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Elegantly written and fascinating.
Fay Weldon

A poignant and beautifully written saga of migrations, which punctuates the history of our times…
Moris Farhi

Absolutely riveting.
Amanda Hopkinson

Frank reviews the period with a fresh eye. This is truly a new story…

Her voyages, spelt out in her new memoirs, have nothing to do with the Paul Theroux school of travel writing. …They became the real life characters at Rick’s Café in Casablanca…

…this dramatic and quite gripping autobiography…

Miriam Frank’s life is the epitome of twentieth century displacement.

Miriam Frank raconta la sua vita in un libro fantastico, commovente...

…My Innocent Absence, full of lovely, tactile detail, is the story of a peripatetic life.

EDWARD WILSON, writer and critic - It isn't surprising that physicians often make excellent writers - they are trained to observe. Miriam Frank is one of that great line of physicians turned writers that includes Chekhov, Maugham and Keats. In Miriam's case the flawless professionalism of the surgery flows seamlessy into flawless prose that has echoes of Lawrence and Proust. This book thoroughly emerges the reader in the human condition from birth to death and back again.


KAPKA KASSABOVA - This really is a journey into the self and the making of the self - the most difficult journey of all, but one that perhaps those with fewer losses and ruptures in their lives are protected from (and all the poorer for it).
Miriam Frank's history-enforced peregrinations are extraordinary, but much more extraordinary yet is the inner struggle, the quality of the quest and her enquiry into human behavior. I enjoyed the frank, lively, and memorable insights into places and people. It is a Herculean journey with many impossible tasks along the way, unexpected wounds from those closest to her, and most difficult of all - the ability to transcend all of this without being crippled by self-deception and self-regard.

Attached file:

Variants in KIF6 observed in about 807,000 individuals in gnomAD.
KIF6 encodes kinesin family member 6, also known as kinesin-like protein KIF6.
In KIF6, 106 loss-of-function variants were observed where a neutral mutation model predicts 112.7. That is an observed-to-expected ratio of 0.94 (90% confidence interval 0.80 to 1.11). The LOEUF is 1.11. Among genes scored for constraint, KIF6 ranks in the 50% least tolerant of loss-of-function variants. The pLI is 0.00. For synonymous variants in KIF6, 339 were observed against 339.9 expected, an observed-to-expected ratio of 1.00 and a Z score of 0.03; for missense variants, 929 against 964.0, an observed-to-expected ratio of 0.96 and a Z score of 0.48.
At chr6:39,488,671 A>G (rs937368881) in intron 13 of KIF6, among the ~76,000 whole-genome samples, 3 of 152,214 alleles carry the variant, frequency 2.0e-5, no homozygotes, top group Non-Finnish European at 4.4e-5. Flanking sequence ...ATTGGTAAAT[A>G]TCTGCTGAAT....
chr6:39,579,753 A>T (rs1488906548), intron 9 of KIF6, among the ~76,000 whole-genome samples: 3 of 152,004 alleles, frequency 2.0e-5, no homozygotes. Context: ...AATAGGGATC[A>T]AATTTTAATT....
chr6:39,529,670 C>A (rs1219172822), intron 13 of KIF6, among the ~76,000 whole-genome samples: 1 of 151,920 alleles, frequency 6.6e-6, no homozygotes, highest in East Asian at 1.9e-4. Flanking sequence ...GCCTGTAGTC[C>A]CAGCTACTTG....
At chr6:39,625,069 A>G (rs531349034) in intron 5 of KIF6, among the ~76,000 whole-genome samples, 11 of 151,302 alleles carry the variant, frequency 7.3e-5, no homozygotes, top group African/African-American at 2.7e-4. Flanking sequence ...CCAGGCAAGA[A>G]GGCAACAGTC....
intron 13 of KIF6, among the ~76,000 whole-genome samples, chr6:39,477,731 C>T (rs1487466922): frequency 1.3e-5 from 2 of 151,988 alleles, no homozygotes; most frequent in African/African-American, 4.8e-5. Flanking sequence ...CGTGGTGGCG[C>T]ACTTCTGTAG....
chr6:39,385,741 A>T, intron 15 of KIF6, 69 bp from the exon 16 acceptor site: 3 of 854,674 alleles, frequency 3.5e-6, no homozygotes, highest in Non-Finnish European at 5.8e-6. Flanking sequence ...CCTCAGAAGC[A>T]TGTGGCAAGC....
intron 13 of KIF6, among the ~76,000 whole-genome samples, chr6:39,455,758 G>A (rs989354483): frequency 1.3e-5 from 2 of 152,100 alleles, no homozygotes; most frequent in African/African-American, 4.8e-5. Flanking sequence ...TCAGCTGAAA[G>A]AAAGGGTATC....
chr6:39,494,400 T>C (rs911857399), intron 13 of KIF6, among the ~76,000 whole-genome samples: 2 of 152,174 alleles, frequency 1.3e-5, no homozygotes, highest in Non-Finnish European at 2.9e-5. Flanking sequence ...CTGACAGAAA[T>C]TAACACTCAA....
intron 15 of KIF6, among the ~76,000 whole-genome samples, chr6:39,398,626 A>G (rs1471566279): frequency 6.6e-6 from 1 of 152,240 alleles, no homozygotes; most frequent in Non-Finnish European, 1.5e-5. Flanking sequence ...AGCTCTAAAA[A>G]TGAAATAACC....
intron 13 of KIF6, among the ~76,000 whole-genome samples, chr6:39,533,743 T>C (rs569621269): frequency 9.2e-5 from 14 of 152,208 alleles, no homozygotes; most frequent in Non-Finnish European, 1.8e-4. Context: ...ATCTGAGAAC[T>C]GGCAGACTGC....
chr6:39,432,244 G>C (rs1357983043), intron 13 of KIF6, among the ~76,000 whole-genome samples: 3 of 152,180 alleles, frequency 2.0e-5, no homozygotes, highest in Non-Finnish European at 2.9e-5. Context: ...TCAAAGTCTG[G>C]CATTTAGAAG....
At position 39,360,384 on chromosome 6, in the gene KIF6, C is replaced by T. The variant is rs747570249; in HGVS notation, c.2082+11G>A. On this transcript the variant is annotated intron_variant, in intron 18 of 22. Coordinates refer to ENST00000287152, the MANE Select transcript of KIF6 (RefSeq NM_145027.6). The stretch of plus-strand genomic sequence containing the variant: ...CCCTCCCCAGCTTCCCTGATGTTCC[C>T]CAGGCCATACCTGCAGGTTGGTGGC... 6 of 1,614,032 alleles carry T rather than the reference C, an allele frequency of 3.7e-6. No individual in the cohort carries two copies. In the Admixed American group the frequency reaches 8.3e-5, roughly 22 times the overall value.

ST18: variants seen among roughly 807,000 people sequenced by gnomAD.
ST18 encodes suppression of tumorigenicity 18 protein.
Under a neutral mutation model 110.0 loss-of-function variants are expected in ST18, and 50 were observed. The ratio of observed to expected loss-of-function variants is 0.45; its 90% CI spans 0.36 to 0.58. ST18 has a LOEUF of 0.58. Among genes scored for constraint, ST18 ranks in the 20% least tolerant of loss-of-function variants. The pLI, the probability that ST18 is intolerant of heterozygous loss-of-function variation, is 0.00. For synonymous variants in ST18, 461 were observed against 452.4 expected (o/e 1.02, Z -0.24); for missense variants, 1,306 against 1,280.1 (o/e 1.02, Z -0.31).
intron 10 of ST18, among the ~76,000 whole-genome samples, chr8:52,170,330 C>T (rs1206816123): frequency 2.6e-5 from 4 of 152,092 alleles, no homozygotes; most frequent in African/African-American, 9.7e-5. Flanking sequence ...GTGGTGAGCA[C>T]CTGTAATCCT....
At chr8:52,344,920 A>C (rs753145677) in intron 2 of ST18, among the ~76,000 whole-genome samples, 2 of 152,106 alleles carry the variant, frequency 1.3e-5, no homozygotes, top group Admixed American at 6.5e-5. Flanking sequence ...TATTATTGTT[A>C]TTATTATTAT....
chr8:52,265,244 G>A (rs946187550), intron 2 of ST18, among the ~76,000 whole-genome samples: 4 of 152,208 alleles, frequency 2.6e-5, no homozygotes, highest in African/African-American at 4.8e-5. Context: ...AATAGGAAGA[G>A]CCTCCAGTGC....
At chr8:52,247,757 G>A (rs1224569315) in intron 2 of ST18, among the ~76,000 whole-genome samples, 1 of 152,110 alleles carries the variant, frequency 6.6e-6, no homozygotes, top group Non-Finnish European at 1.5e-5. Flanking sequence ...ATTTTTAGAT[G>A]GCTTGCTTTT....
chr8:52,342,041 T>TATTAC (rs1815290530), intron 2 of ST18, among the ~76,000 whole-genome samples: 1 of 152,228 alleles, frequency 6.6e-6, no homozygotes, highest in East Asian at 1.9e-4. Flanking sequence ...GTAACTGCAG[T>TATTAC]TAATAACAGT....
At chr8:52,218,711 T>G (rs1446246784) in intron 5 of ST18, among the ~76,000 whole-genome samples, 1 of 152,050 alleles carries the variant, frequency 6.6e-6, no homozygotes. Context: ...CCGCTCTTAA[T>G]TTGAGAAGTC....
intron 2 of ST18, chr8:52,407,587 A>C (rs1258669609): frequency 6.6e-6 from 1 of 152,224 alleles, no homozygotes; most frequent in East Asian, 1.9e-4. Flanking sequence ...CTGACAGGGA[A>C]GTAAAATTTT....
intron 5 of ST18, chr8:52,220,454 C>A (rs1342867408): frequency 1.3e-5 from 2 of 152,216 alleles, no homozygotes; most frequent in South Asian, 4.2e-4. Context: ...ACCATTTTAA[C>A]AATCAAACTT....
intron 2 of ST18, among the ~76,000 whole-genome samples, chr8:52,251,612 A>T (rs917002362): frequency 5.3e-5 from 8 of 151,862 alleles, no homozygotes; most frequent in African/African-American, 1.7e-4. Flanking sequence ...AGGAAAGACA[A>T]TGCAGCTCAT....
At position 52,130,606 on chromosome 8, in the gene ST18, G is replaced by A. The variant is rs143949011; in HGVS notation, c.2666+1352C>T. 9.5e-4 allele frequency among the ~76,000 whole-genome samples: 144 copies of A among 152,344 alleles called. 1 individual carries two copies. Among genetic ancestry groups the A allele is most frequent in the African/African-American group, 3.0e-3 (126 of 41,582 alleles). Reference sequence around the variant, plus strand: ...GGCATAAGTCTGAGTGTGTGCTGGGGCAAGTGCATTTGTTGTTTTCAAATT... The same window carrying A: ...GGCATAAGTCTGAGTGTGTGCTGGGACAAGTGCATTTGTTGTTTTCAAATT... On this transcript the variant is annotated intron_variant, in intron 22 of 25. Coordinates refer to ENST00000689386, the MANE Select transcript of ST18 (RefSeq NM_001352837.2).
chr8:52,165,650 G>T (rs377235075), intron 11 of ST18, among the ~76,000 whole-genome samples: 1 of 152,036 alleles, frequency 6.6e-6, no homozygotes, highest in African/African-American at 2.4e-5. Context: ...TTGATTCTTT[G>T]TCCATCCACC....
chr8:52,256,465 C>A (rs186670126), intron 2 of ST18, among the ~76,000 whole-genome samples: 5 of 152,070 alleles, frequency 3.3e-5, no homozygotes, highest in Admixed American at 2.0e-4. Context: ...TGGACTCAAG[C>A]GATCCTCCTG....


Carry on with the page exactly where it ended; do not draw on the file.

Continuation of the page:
I was enthralled by the childhood scenes in Marseille and Mexico, Frank's vivid depiction of those places and the people she was close to. The portrait of Israel is fascinating too, as is Frank's reflections on Jewish identity and its paradoxes. The rupture that resulted in Frank's teens being spent in New Zealand I found particularly resonant. Frank's evocation of the country and how she felt in Christchurch and Dunedin as a student gets to the heart of the Kiwi malaise, or rather the malaise of those who could not become Kiwis.
The memorable scene with the red dress and Frank's German aunt ('We don't wear red in New Zealand') was for me one of the most heart-breaking in the entire book, because it so vividly summed up the cultural and personal torment of the young being, still forming herself against a constantly changing environment. I also found the relationship with Frank's mother intriguing, and the rift between the three women in the family (her sister barely gets a mention) was to me one of the most astonishing and devastating aspects of the story.
Frank's analysis of the psychic split that all the cultural displacement has caused is lucid and poignant, and there were many passages I found riveting. An important and life affirming book about unbelonging.

H.D. FRASER - This is a fascinating autobiography by Miriam Frank. It takes the reader through a nomadic childhood as with her mother she flees Franco's Spain, then Vichy France to arrive in Mexico, and thence to New Zealand. In each new country adjustments of language and culture have to be made and the author feels a confusion of identity. After years of medical studies she enters a turbulent marriage with an artist and has two daughters. Eventually settled in London and widely respected in her area of anaesthetics, she realises that her roots travel with her. Now she knows who she is. The story is beautifully told and emotionally understated.

DOUGLAS PILBROW – Just excellent. Miriam Frank’s book is more than an exciting story. It’s also a masterful and insightful use of language. She is truly a remarkable person, with more than remarkable gifts.

FELICITY T WOOD – Breathtaking. Frank's descriptions are rich; from how New Zealanders wash dishes to the gruesome stories the elderly neighbor told her in Mexico, to the unbelievable challenges she survived as the wife of an addict. I really did have trouble putting the book down. Here is the tale of a multi-dimensional person traveling through so many countries; and seeking community in each. As an intelligent, observant "outsider" in each place, Frank is able to relay a skeptical, yet appreciative look at Israel, London, Christchurch, Italy, Argentina and others. At the same time she gauges her own transformation and growth in each context in a skillful and compelling narrative. "In my dream," she writes in one passage, "I felt at ease in territory that was, in reality, out of my reach." Yet the author learns to incorporate lessons from all those territories within her, developing her own deep sense of ease.